Alex Weaver is so frustrated with speeding drivers on his North York street that he's now stepping out into traffic to slow them down.
What he's doing violates the Highway Traffic Act, according to police, and Weaver says he knows he's taking a risk, but he's vowing to keep it up.
Weaver lives on Park Home Avenue, north of Bathurst Street and Sheppard Avenue West, where the speed limit is 40 km/h. However, he says cars routinely go 60-70 km/h in the area. The situation is most dangerous west of Senlac Road, where there are no sidewalks and parents and children walk on the roadway.
Weaver says if one speeding car loses control, there could be deadly results.
"It would be really, really bad — the loss of a child because of some idiots racing down our street," he told CBC Toronto.
"That's all it's going to take."
Weaver has been calling Toronto police about his concerns, but says the force hasn't done enough.
Briefly, a digital sign went up telling motorists their speed and it had some positive results, according to Weaver. But then it was taken down.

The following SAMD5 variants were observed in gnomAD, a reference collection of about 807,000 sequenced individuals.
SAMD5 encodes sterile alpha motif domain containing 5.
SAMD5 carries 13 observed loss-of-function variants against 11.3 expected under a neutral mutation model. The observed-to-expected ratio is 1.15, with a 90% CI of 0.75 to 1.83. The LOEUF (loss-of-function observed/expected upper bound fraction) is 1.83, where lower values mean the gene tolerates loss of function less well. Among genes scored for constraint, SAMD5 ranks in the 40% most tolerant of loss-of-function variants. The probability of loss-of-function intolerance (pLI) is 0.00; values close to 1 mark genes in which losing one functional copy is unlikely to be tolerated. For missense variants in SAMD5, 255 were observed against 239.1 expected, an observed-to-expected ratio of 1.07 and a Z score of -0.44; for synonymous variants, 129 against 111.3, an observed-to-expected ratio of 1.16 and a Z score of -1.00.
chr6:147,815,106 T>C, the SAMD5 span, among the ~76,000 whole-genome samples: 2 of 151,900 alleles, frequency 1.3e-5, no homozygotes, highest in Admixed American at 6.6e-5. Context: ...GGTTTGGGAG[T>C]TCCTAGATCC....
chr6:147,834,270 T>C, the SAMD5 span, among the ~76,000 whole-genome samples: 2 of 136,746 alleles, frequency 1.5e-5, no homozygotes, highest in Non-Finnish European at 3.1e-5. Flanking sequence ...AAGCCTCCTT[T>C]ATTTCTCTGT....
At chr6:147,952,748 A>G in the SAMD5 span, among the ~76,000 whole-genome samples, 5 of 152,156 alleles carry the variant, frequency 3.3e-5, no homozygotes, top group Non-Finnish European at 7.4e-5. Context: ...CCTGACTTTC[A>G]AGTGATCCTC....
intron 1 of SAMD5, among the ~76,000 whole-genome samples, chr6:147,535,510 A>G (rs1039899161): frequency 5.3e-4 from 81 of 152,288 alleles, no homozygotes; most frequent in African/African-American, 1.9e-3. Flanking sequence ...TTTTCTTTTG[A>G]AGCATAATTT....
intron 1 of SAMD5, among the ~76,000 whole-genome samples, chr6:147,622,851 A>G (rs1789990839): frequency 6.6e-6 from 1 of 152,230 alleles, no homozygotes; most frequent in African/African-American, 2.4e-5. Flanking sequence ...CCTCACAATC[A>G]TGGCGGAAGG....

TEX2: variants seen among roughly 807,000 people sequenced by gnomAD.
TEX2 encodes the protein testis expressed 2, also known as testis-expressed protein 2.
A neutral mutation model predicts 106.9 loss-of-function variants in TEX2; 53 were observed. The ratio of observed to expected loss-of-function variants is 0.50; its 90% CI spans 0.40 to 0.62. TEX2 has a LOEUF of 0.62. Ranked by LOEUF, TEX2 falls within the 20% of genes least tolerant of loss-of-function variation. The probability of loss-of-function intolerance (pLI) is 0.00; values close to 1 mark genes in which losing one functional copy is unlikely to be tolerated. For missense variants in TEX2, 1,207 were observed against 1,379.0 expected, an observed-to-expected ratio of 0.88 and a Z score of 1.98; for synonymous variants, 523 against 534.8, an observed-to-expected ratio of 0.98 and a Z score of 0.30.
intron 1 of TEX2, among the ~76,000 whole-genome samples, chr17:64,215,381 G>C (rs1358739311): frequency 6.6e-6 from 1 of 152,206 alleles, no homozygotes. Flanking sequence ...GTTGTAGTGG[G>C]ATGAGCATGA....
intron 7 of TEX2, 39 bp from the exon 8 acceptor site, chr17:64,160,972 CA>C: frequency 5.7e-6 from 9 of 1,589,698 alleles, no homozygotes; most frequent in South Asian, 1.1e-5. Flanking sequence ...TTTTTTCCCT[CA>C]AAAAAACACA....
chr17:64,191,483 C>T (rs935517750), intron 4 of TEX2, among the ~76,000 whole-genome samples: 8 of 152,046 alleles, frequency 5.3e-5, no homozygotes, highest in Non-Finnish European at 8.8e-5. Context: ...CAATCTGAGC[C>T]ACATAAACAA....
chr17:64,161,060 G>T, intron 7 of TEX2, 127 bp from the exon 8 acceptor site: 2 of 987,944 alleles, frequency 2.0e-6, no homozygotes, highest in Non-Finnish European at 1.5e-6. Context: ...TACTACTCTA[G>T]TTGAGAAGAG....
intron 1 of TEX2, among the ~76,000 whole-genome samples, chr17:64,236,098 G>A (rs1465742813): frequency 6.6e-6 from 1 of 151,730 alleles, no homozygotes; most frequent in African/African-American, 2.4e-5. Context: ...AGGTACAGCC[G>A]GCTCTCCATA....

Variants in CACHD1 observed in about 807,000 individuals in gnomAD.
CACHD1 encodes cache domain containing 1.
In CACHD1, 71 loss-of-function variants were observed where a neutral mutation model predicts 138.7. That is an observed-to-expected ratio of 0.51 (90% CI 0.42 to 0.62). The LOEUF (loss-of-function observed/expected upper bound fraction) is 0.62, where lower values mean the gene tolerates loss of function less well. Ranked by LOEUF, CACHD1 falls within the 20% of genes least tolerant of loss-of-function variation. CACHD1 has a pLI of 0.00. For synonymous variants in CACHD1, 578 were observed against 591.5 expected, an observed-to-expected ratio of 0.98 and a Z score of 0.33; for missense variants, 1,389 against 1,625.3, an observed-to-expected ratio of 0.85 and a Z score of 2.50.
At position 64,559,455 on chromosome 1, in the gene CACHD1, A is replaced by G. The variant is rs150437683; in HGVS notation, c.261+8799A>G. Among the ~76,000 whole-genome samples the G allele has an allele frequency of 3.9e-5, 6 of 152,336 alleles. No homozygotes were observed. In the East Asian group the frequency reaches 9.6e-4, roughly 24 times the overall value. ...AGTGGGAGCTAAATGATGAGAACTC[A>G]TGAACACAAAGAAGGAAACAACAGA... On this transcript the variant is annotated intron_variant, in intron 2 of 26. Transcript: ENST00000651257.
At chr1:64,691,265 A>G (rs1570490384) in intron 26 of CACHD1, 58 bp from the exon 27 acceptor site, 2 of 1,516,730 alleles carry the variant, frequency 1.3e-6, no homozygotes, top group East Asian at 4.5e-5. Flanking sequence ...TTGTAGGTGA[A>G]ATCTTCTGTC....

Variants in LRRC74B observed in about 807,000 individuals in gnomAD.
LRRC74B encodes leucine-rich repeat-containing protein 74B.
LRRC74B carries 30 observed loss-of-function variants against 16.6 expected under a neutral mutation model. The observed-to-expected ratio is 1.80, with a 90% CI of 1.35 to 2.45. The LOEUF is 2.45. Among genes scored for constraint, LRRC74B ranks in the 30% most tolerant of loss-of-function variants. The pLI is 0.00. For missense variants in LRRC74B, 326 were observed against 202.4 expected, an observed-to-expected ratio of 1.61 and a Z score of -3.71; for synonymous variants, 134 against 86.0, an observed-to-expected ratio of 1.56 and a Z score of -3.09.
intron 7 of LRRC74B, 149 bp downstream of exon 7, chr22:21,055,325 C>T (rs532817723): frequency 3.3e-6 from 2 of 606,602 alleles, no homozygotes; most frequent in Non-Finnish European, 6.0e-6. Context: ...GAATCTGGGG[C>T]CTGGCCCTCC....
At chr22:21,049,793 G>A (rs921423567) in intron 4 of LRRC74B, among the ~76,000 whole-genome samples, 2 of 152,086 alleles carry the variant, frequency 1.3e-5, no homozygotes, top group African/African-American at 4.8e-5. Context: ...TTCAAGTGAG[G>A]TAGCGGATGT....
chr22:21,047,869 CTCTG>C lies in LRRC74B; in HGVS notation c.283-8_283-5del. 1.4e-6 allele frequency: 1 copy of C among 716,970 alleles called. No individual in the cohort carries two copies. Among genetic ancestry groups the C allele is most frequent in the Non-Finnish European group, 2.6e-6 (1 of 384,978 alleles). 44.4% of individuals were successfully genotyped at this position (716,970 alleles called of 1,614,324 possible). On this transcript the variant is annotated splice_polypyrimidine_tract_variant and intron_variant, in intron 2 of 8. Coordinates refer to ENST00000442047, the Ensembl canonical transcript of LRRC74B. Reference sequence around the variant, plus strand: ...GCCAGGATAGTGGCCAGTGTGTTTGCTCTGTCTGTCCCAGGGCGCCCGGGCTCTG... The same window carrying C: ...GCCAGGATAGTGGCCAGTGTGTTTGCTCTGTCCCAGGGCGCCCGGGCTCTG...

He's also starting a petition to ask city hall to add speedbumps to the street.
But for now, he's waving down drivers, waiting for them to roll down their windows and lecturing them about their speed.
"Do you know the speed limit on this street?" Weaver asked one driver.
"Who are you?" the male driver responded, before flipping Weaver off and accelerating away.
"That's the type of people we get when I stop them. The finger, or the F-word," he said after the incident.
Traffic Services Const. Clint Stibbe warns Weaver is putting his own life at risk.
"We have to advise him to stop this practice immediately," Stibbe said.
"The last thing that we want to see is one of these drivers strike that individual — intentionally or not — and have this individual end up in hospital or even, possibily, dead."
Police from 32 Division have been called to the area four separate times in July and August and have issued speeding tickets in the area, Stibbe said.
Stibbe notes police in 32 Division have a number of driving complaints to deal with, but "officers attend this location where possible and while balancing the needs from the other areas of the community."
Toronto police hand out more tickets for speeding than any other offence, Stibbe said, and issues like the one Weaver's facing pop up on streets all across the city. Only drivers changing their behaviour will make a difference, he said.
Weaver, who has been tracking speeders for more than a year now, plans to start recording video of speeding drivers on his iPad. He's also considering standing on his lawn with a hair dryer — with hopes of tricking motorists into thinking he's holding a radar gun.